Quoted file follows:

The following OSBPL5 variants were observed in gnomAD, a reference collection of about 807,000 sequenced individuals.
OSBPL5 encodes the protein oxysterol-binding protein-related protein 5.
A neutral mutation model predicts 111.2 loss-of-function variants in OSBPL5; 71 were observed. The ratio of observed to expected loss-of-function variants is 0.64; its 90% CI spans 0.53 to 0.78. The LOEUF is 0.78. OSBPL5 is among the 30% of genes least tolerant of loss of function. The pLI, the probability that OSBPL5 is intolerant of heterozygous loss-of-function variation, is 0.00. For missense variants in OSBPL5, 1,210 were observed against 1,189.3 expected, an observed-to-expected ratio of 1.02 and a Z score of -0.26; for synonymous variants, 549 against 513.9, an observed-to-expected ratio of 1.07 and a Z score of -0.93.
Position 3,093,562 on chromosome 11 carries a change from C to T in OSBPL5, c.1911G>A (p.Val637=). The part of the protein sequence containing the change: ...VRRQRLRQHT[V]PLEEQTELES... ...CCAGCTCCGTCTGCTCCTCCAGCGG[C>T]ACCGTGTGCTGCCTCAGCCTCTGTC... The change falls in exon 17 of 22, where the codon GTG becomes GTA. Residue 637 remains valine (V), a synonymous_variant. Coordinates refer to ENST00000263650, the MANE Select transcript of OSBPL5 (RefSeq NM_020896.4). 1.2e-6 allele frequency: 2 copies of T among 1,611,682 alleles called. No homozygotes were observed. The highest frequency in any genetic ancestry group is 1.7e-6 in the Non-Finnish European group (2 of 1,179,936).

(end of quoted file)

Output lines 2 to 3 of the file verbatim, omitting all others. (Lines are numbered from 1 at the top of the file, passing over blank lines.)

OSBPL5 encodes the protein oxysterol-binding protein-related protein 5.
A neutral mutation model predicts 111.2 loss-of-function variants in OSBPL5; 71 were observed. The ratio of observed to expected loss-of-function variants is 0.64; its 90% CI spans 0.53 to 0.78. The LOEUF is 0.78. OSBPL5 is among the 30% of genes least tolerant of loss of function. The pLI, the probability that OSBPL5 is intolerant of heterozygous loss-of-function variation, is 0.00. For missense variants in OSBPL5, 1,210 were observed against 1,189.3 expected, an observed-to-expected ratio of 1.02 and a Z score of -0.26; for synonymous variants, 549 against 513.9, an observed-to-expected ratio of 1.07 and a Z score of -0.93.